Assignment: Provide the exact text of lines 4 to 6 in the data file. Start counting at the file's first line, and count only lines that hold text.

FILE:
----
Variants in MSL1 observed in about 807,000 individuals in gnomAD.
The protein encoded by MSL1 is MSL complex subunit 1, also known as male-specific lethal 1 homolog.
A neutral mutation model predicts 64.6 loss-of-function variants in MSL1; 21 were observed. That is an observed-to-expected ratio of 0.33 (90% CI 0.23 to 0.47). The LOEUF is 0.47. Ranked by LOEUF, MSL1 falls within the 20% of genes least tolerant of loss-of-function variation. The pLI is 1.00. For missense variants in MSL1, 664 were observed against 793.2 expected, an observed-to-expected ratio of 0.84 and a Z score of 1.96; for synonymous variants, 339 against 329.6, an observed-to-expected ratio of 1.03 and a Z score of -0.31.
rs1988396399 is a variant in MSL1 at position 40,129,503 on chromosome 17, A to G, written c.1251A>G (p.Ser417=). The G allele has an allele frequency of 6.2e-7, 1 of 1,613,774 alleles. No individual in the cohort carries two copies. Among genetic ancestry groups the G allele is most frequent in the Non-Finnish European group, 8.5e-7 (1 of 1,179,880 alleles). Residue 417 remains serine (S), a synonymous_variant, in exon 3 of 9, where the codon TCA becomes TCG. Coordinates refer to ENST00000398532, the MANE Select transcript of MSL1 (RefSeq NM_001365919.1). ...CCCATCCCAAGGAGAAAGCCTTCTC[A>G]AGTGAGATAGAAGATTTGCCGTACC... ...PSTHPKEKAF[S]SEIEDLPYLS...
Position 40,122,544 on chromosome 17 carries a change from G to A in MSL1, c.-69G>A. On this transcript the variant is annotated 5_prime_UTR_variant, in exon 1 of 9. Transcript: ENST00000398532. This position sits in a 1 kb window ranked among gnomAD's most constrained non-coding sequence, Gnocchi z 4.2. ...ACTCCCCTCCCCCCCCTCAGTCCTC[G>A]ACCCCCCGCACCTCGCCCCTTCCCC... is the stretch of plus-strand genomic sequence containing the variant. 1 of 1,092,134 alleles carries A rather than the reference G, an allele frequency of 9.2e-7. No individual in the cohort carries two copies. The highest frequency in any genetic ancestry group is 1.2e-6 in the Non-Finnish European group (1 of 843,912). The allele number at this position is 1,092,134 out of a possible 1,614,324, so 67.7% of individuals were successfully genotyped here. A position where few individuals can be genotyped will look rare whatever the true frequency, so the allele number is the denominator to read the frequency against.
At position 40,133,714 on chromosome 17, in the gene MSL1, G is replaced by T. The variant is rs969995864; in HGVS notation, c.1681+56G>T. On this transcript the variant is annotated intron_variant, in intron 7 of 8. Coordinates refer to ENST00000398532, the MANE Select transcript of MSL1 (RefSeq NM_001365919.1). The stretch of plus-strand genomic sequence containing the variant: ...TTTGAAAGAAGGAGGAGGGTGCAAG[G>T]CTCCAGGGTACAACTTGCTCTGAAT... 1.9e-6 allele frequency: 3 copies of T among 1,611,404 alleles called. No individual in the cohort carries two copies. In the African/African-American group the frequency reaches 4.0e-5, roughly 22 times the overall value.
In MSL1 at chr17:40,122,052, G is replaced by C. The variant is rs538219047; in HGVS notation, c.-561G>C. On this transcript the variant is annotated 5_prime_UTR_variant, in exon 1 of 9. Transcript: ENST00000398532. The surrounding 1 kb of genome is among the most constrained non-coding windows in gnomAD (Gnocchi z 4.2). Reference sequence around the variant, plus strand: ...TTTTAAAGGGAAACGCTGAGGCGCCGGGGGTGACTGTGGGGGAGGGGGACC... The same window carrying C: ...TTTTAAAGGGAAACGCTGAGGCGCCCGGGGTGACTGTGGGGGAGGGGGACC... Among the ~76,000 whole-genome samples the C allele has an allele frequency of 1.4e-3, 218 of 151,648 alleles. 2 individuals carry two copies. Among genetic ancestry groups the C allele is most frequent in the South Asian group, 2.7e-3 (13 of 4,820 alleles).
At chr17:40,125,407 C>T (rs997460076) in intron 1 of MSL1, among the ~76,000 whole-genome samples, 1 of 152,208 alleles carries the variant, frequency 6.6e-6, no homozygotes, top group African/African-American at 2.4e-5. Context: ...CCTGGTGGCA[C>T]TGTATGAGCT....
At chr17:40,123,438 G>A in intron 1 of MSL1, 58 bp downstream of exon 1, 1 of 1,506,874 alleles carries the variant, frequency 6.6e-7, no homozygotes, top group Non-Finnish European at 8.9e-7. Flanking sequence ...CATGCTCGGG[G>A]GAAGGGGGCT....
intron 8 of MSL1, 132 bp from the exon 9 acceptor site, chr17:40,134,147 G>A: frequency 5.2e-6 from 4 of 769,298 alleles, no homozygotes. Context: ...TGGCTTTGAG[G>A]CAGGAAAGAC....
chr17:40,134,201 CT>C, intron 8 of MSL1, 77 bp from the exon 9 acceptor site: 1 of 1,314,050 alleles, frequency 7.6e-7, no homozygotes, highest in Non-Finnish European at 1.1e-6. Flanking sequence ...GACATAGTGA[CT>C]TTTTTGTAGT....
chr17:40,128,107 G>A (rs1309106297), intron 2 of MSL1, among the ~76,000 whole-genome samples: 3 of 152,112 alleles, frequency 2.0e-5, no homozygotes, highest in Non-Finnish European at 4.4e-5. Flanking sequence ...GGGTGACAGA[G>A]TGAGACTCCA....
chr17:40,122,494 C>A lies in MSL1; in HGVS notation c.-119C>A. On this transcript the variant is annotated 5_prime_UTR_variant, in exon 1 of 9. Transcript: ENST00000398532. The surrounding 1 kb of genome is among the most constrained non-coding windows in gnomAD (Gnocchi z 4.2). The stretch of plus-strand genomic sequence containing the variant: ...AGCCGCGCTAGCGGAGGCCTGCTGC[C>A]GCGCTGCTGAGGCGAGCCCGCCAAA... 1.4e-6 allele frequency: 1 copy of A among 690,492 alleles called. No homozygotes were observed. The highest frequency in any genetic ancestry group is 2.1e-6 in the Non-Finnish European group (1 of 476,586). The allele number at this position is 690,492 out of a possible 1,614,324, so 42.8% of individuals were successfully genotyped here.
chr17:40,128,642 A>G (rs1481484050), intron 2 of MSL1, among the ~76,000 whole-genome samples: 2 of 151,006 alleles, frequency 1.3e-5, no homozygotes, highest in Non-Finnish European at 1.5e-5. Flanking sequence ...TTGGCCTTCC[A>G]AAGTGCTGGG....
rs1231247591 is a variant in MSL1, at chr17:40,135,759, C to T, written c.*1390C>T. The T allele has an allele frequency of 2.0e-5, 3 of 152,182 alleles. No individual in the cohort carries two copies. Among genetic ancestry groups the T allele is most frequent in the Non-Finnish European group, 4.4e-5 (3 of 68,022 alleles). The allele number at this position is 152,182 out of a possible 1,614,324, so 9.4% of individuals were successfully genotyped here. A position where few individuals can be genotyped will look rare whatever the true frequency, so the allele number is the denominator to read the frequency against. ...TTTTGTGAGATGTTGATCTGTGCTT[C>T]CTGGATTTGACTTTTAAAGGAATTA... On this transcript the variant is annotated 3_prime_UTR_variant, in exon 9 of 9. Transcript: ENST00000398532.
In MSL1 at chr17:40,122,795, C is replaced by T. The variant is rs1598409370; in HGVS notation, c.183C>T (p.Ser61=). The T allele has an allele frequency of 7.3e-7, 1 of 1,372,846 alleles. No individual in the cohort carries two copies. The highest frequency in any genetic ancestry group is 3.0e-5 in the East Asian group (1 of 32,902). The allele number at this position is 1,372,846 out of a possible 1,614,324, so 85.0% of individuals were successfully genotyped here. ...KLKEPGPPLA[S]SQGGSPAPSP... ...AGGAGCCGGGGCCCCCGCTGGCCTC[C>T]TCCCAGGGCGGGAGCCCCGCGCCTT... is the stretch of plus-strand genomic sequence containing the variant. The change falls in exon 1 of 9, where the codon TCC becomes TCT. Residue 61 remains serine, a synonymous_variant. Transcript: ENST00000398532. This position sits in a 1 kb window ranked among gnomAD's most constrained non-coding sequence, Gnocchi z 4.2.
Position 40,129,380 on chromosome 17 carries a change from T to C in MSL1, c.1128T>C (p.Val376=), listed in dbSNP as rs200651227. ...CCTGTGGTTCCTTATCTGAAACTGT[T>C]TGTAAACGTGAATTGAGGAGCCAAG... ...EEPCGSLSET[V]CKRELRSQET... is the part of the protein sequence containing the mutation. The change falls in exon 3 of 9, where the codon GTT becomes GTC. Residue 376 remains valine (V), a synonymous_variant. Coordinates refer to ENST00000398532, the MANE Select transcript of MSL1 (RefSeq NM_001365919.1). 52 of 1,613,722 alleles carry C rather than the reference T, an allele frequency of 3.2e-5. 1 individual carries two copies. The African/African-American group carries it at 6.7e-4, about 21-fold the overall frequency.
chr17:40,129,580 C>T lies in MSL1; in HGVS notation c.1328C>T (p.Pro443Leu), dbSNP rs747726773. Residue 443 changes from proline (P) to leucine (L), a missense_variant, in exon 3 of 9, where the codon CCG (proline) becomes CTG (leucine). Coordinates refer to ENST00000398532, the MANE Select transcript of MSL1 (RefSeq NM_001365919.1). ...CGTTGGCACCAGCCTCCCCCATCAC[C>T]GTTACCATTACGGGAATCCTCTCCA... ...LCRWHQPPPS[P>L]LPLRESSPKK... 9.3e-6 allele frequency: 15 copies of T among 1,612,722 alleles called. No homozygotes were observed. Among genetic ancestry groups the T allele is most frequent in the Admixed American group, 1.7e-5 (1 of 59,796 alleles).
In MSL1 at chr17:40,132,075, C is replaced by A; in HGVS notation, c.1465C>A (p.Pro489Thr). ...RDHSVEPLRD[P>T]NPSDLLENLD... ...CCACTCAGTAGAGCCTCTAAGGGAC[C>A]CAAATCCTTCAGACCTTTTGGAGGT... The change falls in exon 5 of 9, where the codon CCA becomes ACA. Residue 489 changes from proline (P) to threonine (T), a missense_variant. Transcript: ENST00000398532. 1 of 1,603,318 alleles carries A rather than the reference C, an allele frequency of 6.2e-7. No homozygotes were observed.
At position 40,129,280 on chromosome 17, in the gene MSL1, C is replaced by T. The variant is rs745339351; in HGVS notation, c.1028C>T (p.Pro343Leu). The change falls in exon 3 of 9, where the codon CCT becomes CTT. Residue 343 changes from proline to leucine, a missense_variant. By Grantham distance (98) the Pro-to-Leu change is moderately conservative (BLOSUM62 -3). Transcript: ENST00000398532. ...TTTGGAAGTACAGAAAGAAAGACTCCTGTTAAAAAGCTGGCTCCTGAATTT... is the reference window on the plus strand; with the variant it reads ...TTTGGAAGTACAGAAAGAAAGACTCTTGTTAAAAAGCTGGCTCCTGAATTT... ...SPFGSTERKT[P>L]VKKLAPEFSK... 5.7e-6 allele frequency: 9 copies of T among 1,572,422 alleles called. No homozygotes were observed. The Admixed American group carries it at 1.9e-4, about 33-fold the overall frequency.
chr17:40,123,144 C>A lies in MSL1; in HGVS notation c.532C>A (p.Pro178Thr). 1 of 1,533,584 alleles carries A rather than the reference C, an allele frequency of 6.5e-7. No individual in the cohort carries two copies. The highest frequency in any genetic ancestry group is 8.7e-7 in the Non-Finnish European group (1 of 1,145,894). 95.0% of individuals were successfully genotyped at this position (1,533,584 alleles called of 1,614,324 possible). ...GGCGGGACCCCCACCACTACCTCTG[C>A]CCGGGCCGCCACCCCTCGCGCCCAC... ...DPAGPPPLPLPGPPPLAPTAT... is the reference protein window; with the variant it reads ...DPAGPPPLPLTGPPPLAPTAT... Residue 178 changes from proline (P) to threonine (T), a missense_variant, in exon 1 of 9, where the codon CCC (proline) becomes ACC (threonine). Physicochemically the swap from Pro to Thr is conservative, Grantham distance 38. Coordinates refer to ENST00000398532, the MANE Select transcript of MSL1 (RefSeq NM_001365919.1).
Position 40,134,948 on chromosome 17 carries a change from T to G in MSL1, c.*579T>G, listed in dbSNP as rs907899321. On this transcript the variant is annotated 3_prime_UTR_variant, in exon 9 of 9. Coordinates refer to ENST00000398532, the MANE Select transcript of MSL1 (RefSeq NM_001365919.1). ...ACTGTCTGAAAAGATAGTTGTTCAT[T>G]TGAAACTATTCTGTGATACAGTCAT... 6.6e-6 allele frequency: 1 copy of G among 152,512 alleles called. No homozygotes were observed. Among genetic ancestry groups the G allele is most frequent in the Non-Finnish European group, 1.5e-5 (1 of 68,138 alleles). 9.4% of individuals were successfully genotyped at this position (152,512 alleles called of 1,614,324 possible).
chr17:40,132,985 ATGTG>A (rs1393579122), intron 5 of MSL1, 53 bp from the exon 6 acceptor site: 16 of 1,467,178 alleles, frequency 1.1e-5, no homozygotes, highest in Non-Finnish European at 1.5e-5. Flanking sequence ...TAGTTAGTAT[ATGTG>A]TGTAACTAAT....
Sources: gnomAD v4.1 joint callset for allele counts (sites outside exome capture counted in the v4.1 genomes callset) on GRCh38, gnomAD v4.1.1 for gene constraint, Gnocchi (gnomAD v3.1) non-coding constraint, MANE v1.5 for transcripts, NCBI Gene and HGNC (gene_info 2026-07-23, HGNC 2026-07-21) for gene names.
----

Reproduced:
rs1988396399 is a variant in MSL1 at position 40,129,503 on chromosome 17, A to G, written c.1251A>G (p.Ser417=). The G allele has an allele frequency of 6.2e-7, 1 of 1,613,774 alleles. No individual in the cohort carries two copies. Among genetic ancestry groups the G allele is most frequent in the Non-Finnish European group, 8.5e-7 (1 of 1,179,880 alleles). Residue 417 remains serine (S), a synonymous_variant, in exon 3 of 9, where the codon TCA becomes TCG. Coordinates refer to ENST00000398532, the MANE Select transcript of MSL1 (RefSeq NM_001365919.1). ...CCCATCCCAAGGAGAAAGCCTTCTC[A>G]AGTGAGATAGAAGATTTGCCGTACC... ...PSTHPKEKAF[S]SEIEDLPYLS...
Position 40,122,544 on chromosome 17 carries a change from G to A in MSL1, c.-69G>A. On this transcript the variant is annotated 5_prime_UTR_variant, in exon 1 of 9. Transcript: ENST00000398532. This position sits in a 1 kb window ranked among gnomAD's most constrained non-coding sequence, Gnocchi z 4.2. ...ACTCCCCTCCCCCCCCTCAGTCCTC[G>A]ACCCCCCGCACCTCGCCCCTTCCCC... is the stretch of plus-strand genomic sequence containing the variant. 1 of 1,092,134 alleles carries A rather than the reference G, an allele frequency of 9.2e-7. No individual in the cohort carries two copies. The highest frequency in any genetic ancestry group is 1.2e-6 in the Non-Finnish European group (1 of 843,912). The allele number at this position is 1,092,134 out of a possible 1,614,324, so 67.7% of individuals were successfully genotyped here. A position where few individuals can be genotyped will look rare whatever the true frequency, so the allele number is the denominator to read the frequency against.
At position 40,133,714 on chromosome 17, in the gene MSL1, G is replaced by T. The variant is rs969995864; in HGVS notation, c.1681+56G>T. On this transcript the variant is annotated intron_variant, in intron 7 of 8. Coordinates refer to ENST00000398532, the MANE Select transcript of MSL1 (RefSeq NM_001365919.1). The stretch of plus-strand genomic sequence containing the variant: ...TTTGAAAGAAGGAGGAGGGTGCAAG[G>T]CTCCAGGGTACAACTTGCTCTGAAT... 1.9e-6 allele frequency: 3 copies of T among 1,611,404 alleles called. No individual in the cohort carries two copies. In the African/African-American group the frequency reaches 4.0e-5, roughly 22 times the overall value.